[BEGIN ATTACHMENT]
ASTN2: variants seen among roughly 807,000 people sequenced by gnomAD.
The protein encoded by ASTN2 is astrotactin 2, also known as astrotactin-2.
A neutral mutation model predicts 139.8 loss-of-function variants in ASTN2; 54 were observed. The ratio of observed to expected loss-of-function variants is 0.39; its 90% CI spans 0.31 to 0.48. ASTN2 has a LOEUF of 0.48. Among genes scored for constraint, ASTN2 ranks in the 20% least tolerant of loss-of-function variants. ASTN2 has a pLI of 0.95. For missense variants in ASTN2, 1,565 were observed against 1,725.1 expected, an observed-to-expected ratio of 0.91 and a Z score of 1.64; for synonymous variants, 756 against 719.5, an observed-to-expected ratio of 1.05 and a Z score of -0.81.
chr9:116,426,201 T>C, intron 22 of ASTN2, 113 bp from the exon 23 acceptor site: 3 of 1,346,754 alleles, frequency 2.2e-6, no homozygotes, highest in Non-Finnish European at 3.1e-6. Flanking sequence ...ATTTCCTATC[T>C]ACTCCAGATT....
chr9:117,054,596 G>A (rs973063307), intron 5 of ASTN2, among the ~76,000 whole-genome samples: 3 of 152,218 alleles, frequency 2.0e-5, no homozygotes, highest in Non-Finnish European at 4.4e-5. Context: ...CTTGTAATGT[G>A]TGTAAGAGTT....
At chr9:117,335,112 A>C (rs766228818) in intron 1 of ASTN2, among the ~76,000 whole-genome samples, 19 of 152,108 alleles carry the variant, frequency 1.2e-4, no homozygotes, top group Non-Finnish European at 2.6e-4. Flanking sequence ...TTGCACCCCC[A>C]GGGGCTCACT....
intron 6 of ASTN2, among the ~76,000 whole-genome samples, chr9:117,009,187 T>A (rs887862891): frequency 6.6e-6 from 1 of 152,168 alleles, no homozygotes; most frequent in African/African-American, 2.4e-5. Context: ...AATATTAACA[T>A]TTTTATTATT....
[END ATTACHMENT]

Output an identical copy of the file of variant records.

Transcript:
ASTN2: variants seen among roughly 807,000 people sequenced by gnomAD.
The protein encoded by ASTN2 is astrotactin 2, also known as astrotactin-2.
A neutral mutation model predicts 139.8 loss-of-function variants in ASTN2; 54 were observed. The ratio of observed to expected loss-of-function variants is 0.39; its 90% CI spans 0.31 to 0.48. ASTN2 has a LOEUF of 0.48. Among genes scored for constraint, ASTN2 ranks in the 20% least tolerant of loss-of-function variants. ASTN2 has a pLI of 0.95. For missense variants in ASTN2, 1,565 were observed against 1,725.1 expected, an observed-to-expected ratio of 0.91 and a Z score of 1.64; for synonymous variants, 756 against 719.5, an observed-to-expected ratio of 1.05 and a Z score of -0.81.
chr9:116,426,201 T>C, intron 22 of ASTN2, 113 bp from the exon 23 acceptor site: 3 of 1,346,754 alleles, frequency 2.2e-6, no homozygotes, highest in Non-Finnish European at 3.1e-6. Flanking sequence ...ATTTCCTATC[T>C]ACTCCAGATT....
chr9:117,054,596 G>A (rs973063307), intron 5 of ASTN2, among the ~76,000 whole-genome samples: 3 of 152,218 alleles, frequency 2.0e-5, no homozygotes, highest in Non-Finnish European at 4.4e-5. Context: ...CTTGTAATGT[G>A]TGTAAGAGTT....
At chr9:117,335,112 A>C (rs766228818) in intron 1 of ASTN2, among the ~76,000 whole-genome samples, 19 of 152,108 alleles carry the variant, frequency 1.2e-4, no homozygotes, top group Non-Finnish European at 2.6e-4. Flanking sequence ...TTGCACCCCC[A>C]GGGGCTCACT....
intron 6 of ASTN2, among the ~76,000 whole-genome samples, chr9:117,009,187 T>A (rs887862891): frequency 6.6e-6 from 1 of 152,168 alleles, no homozygotes; most frequent in African/African-American, 2.4e-5. Context: ...AATATTAACA[T>A]TTTTATTATT....